Synopses & Reviews
In a narrative that combines the intensely personal with social, economic, and historical analysis, Susan Jacoby turns an unsparing eye on the marketers of longevity—pharmaceutical companies, lifestyle gurus, and scientific businessmen who suggest that there will soon be a "cure" for the "disease" of aging. She separates wishful hype from realistic hope in a wide-ranging appraisal of subjects that include the explosion of Alzheimer's cases, the impact of possible cuts in Social Security on the economic future of aging boomers, and the fact that women make up most of the "oldest old." Finally, Jacoby raises the fundamental question of whether living longer is a desirable thing unless it means living better, and she considers the profound moral and ethical concerns raised by increasing longevity.
Never Say Die is a lucid, provocative, and powerful argument that Americans, no matter their age, are doing themselves no favor by buying into the myth that they can stay "forever young."
From the author of the bestselling The Age of American Unreason comes this impassioned, closely reasoned critique of the myth that a radically new old age—unmarred by physical and mental infirmity, financial problems, or loneliness—awaits the baby-boom generation.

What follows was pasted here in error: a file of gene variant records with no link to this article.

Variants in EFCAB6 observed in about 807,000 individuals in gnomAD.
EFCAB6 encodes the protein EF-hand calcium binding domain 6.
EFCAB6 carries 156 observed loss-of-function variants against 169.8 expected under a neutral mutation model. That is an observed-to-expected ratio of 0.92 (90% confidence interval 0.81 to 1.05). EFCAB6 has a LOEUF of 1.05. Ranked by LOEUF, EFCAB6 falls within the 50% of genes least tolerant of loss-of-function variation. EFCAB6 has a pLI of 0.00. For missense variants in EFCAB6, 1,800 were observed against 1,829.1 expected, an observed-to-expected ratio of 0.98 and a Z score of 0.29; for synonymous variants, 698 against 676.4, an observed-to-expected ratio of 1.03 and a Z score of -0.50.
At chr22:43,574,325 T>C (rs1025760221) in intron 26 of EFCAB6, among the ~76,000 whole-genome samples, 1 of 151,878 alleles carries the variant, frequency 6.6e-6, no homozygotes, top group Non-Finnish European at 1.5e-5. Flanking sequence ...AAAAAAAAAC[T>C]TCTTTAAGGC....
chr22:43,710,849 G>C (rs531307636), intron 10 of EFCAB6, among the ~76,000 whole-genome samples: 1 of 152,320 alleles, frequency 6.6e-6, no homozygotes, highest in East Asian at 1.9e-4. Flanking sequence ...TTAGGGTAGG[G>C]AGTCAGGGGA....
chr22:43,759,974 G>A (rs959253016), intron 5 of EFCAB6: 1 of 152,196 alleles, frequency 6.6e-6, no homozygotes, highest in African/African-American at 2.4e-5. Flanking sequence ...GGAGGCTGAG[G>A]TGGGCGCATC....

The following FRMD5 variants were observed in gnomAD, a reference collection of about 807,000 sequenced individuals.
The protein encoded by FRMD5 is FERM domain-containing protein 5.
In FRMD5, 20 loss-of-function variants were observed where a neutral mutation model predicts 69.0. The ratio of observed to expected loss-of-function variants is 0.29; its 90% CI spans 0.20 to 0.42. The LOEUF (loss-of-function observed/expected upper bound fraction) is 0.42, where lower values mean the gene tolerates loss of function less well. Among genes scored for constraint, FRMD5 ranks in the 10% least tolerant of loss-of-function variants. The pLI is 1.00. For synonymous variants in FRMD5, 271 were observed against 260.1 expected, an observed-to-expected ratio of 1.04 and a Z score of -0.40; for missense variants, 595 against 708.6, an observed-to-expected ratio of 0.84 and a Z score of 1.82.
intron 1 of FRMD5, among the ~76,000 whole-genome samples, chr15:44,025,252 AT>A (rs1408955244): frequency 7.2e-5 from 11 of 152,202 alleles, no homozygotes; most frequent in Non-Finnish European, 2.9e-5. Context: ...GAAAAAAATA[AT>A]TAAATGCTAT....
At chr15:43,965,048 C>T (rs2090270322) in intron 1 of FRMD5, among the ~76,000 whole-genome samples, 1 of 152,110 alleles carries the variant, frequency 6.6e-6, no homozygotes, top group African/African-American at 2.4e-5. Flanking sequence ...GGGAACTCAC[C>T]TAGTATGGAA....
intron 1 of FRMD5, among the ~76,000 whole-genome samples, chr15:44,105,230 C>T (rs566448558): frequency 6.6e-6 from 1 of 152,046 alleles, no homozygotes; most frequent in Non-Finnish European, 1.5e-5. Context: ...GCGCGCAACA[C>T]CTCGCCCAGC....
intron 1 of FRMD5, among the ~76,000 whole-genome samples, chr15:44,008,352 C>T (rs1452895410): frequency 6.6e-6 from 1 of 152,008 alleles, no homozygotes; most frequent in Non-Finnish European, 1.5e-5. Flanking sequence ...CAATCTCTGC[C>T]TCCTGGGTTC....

About the Author
Susan Jacoby is the author of seven previous books, most recently "Freethinkers: A History of American Secularism, "which was named a Notable Book of 2004 by "The Washington Post Book World "and "The Times Literary Supplement." She lives in New York City.Laural Merlington has performed and directed for 30 years in regional theaters throughout the country. She has recorded over 100 audiobooks, including many by Fern Michaels, and is the recipient of several AudioFile Magazine Earphone Awards. In addition to her extensive theater and voiceover work, Laural teaches college in her home state of Michigan.